WeissLionessCoverIt is an extraordinarily good read – a smart, personal reflection on a collection of writings about growing old from three dozen or so of the best women authors of the 20th and into the 21st century.

Like me, you have probably read the works of many of these women – Maya Angelou, Colette, Doris Lessing, May Sarton, Diana Athill, Simone de Beauvoir, Joan Didion among them. But perhaps, also like me, you have not paid the kind of close attention Ms. Burack-Weiss has.

Now I have started over with some of these writers because Burack-Weiss, a more thoughtful reader than I have been, shows me how much I missed in my first go-round.

It is not a simple or quick read, The Lioness in Winter. Nearly every page is packed with ideas and revelations that demand quiet time to sit and think and consider the vast array of ideas about this period of late life Ms. Burack-Weiss has pulled together for us.

If you are interested, it is at Amazon and other online book sellers.

Which brings me to today.

Since our April encounter via The Times, Ann and I have become email friends. A couple of weeks ago she sent me a short story she has written and after I pushed her allow it, she agreed to let me post it here for you.

It is titled, Consider the Cane. By Ann Burack-Weiss. Please welcome her to our pages and enjoy.


The cane is the universal symbol of age and frailty. Road signs alert motorists to the possibility of encountering deer or children by blackened cutouts of their shapes leaping high in the air. Since 1981, "elderly crossing” signs in the U.K. show a bent woman leaning on a bent man leaning on a cane.

(Spirited objections - even contests to suggest cheerier alternatives - have surfaced from time to time.) The signs remain. In fact, they have been spotted at various sites in the U.S. and other countries as well.)

* * *

Long before there were walkers or wheelchairs, even before the wheel itself, there must have been the cane. It might not appear on the Lascaux cave walls. (The one human figure, reportedly “a bird-headed man with an erect phallus,” is not carrying one). But there were trees – and it’s hard to imagine that one of the first hominids to stand upright didn’t pick up a limb, lean his weight against it as he walked and heave a satisfied sigh.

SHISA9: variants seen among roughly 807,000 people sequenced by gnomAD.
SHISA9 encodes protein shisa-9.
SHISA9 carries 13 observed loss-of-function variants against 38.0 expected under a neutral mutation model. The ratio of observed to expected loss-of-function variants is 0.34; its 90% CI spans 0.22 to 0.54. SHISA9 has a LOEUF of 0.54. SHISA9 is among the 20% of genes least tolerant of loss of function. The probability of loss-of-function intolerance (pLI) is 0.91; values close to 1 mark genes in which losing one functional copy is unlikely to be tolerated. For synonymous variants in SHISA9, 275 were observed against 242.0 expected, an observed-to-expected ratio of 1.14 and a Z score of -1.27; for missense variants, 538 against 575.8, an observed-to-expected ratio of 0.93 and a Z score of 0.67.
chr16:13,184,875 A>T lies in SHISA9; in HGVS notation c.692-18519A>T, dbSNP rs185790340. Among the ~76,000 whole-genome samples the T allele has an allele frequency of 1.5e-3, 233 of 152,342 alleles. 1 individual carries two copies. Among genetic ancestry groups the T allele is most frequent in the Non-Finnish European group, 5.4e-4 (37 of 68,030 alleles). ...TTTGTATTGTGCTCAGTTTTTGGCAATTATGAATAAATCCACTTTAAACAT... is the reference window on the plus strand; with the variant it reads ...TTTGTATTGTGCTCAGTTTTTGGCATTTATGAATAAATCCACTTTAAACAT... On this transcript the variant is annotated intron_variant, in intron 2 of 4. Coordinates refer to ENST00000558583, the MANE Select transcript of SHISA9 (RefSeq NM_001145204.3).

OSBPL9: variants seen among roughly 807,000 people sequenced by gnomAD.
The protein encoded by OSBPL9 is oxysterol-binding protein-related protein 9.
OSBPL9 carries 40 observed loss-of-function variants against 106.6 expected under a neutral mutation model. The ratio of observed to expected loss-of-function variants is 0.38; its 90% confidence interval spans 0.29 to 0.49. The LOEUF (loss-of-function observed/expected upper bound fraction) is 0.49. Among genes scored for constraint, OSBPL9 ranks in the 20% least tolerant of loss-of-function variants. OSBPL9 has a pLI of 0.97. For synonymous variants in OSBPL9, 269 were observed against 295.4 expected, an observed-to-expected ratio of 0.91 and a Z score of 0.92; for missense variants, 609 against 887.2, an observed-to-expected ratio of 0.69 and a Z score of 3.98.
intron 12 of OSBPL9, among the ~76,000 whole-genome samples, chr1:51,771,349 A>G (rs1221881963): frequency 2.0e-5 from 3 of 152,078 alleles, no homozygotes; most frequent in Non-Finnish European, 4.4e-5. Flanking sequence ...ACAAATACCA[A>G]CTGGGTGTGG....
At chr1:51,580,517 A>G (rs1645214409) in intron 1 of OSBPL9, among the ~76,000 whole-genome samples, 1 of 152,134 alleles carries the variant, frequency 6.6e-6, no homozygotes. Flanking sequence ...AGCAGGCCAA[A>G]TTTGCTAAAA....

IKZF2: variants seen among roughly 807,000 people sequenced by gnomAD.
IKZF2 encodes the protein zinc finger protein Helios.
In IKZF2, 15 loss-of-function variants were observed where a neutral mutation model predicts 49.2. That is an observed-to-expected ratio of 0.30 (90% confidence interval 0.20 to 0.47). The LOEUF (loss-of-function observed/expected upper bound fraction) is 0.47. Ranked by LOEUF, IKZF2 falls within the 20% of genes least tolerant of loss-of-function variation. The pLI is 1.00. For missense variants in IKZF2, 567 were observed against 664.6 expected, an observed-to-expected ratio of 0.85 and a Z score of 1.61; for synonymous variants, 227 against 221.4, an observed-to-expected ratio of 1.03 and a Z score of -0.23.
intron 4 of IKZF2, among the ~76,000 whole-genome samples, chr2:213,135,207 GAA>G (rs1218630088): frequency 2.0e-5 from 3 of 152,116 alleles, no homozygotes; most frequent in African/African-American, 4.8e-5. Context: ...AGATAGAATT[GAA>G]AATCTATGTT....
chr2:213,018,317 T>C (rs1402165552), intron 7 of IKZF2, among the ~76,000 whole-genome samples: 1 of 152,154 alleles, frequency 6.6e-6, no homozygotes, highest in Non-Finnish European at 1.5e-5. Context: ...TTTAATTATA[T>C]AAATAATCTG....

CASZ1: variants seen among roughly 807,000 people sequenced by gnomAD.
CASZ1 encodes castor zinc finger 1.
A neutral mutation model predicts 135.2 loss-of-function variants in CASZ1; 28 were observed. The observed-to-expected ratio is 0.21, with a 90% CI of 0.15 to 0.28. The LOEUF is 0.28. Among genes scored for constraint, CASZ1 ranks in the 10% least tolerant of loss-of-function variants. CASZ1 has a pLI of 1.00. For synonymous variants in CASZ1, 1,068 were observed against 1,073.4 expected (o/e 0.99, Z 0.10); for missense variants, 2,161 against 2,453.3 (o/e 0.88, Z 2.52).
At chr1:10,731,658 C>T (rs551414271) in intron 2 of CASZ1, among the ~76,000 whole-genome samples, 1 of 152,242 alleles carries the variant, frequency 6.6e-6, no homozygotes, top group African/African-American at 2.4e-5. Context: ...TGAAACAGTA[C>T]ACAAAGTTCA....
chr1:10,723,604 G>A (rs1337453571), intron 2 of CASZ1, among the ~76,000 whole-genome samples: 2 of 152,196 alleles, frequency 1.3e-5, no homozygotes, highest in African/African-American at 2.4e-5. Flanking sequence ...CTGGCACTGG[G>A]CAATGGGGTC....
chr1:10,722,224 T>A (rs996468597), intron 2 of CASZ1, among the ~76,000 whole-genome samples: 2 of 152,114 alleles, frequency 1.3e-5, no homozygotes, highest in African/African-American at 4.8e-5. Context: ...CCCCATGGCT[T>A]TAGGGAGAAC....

Thousands of years passed. Wood to enamel to plastic. A curved handle and a rubber tip! Holes to adjust to the walker’s height! A carrying strap! A folding device! All the colors of the rainbow!

My cane arrived with great hype: “It stands by itself!” Which is true. Unless the floor is uneven. Or there is a carpet. Or a stray waft of air. It is no longer a concern of mine. I do not now need a cane.

* * *

I used to need a cane. After the pelvic fractures. Before and after the Total Hip Replacement. The cane transformed me. I was one who could brandish! Taxis summoned with a lunge. Cars - inching up on me as I crossed the street with the light - halted with a flourish. I discovered the power in dependence. And its hidden cost.

It was easier to slump into a stooped posture than to extend the effort to walk tall. Gratefully accepting first dibs on the front seat of the bus or offered a chair while others stood in long ticket lines, I was aware of a diminishment – in the eyes of others, in my own sense of self. So I was glad to be rid of the cane. To fade into the throngs of New Yorkers who crowd its streets, a small chip in the “glorious mosaic” fitting neatly into its niche.

* * *

I manage just fine without a cane. Unless there is ice on the ground. Or snow. Or slippery leaves. Or it is windy. Or it is raining and the temperature is expected to dip below freezing. Or it is very dark.

I check the weather report. It will be “breezy.” When does “breeze” turn into wind? When is wind strong enough to knock down a skinny 80-year-old lady? I consider the cane.

Ronni Bennett's and John Oliver's Vacation

The two people in that headline, John Oliver and me, don't really have anything to do with each other except that I think he is a national treasure, and we are both taking some time off.